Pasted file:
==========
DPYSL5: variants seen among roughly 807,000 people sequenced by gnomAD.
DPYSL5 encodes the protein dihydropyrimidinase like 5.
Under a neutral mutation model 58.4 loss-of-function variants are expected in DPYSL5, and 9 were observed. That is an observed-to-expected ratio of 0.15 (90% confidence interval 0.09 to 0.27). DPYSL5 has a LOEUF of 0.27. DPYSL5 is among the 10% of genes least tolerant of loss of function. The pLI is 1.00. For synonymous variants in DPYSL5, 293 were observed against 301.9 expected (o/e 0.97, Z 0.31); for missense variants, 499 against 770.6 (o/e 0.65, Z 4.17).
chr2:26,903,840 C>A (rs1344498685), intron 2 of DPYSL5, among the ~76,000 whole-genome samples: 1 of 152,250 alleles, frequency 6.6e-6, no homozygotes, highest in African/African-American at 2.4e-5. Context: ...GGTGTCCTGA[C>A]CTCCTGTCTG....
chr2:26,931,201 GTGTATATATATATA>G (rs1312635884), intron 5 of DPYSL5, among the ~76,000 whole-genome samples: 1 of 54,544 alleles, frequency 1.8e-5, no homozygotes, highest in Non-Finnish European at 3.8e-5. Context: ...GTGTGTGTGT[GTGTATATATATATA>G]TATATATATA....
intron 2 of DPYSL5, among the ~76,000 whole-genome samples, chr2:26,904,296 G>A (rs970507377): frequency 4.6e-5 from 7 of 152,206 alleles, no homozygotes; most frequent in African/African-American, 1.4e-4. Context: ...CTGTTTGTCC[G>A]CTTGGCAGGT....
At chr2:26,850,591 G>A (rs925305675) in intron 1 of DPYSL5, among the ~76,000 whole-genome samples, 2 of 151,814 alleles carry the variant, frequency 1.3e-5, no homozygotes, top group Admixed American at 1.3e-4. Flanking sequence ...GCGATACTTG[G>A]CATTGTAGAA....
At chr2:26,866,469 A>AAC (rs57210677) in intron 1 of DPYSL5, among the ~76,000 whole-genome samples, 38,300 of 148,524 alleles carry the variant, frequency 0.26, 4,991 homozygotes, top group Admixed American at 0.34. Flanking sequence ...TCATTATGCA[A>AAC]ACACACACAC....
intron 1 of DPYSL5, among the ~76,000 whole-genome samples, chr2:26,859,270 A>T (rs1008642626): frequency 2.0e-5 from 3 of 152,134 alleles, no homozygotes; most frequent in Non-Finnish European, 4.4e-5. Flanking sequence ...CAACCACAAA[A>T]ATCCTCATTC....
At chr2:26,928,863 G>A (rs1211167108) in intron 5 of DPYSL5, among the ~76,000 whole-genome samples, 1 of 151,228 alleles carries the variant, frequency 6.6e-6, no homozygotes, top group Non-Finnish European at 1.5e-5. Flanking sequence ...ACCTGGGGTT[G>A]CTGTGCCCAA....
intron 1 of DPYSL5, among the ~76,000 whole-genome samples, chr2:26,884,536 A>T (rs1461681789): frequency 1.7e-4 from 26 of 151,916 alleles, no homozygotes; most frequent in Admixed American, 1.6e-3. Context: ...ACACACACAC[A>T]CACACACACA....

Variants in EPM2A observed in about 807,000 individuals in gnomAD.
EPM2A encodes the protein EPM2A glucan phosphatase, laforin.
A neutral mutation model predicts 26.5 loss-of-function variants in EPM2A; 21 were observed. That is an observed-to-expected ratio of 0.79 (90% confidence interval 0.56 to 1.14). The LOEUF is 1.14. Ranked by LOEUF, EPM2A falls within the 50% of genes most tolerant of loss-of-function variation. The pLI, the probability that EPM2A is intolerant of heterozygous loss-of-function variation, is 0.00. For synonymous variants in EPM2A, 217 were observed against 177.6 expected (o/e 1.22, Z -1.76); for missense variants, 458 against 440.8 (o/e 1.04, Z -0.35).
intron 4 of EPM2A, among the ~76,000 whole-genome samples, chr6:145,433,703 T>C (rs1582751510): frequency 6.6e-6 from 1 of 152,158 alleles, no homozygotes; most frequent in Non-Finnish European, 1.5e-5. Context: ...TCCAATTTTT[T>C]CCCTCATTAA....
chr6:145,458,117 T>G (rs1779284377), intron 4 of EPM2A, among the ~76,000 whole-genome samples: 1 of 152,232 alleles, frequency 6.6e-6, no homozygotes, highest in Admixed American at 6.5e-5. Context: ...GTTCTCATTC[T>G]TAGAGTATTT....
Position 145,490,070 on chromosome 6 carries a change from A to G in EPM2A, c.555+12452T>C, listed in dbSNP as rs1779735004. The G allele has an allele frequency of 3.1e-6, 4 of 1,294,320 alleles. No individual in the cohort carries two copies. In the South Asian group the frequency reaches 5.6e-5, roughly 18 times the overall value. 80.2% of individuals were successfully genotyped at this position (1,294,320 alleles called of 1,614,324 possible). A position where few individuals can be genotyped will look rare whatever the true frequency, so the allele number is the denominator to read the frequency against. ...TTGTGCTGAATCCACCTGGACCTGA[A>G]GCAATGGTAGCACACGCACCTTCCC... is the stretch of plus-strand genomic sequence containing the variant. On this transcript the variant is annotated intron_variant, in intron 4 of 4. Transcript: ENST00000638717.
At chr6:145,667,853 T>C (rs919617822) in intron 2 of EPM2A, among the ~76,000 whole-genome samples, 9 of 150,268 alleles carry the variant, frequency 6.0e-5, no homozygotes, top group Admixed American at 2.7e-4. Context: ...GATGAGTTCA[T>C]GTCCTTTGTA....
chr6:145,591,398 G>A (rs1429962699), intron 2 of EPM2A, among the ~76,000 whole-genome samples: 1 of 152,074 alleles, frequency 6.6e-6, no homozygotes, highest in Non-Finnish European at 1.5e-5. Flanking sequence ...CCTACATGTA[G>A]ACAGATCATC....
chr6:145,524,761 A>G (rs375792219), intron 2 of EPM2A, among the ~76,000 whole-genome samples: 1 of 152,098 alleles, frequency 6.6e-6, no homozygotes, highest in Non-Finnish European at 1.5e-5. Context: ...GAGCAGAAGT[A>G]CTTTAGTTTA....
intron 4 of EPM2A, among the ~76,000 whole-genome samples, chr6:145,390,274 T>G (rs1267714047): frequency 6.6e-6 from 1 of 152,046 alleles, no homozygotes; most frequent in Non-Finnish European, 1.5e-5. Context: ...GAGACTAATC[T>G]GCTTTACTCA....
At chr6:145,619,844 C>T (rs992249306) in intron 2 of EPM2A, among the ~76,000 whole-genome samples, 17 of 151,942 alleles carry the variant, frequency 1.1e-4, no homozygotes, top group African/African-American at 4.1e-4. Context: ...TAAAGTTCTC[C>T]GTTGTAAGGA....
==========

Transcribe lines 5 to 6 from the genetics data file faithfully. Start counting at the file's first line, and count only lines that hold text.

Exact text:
chr2:26,931,201 GTGTATATATATATA>G (rs1312635884), intron 5 of DPYSL5, among the ~76,000 whole-genome samples: 1 of 54,544 alleles, frequency 1.8e-5, no homozygotes, highest in Non-Finnish European at 3.8e-5. Context: ...GTGTGTGTGT[GTGTATATATATATA>G]TATATATATA....
intron 2 of DPYSL5, among the ~76,000 whole-genome samples, chr2:26,904,296 G>A (rs970507377): frequency 4.6e-5 from 7 of 152,206 alleles, no homozygotes; most frequent in African/African-American, 1.4e-4. Context: ...CTGTTTGTCC[G>A]CTTGGCAGGT....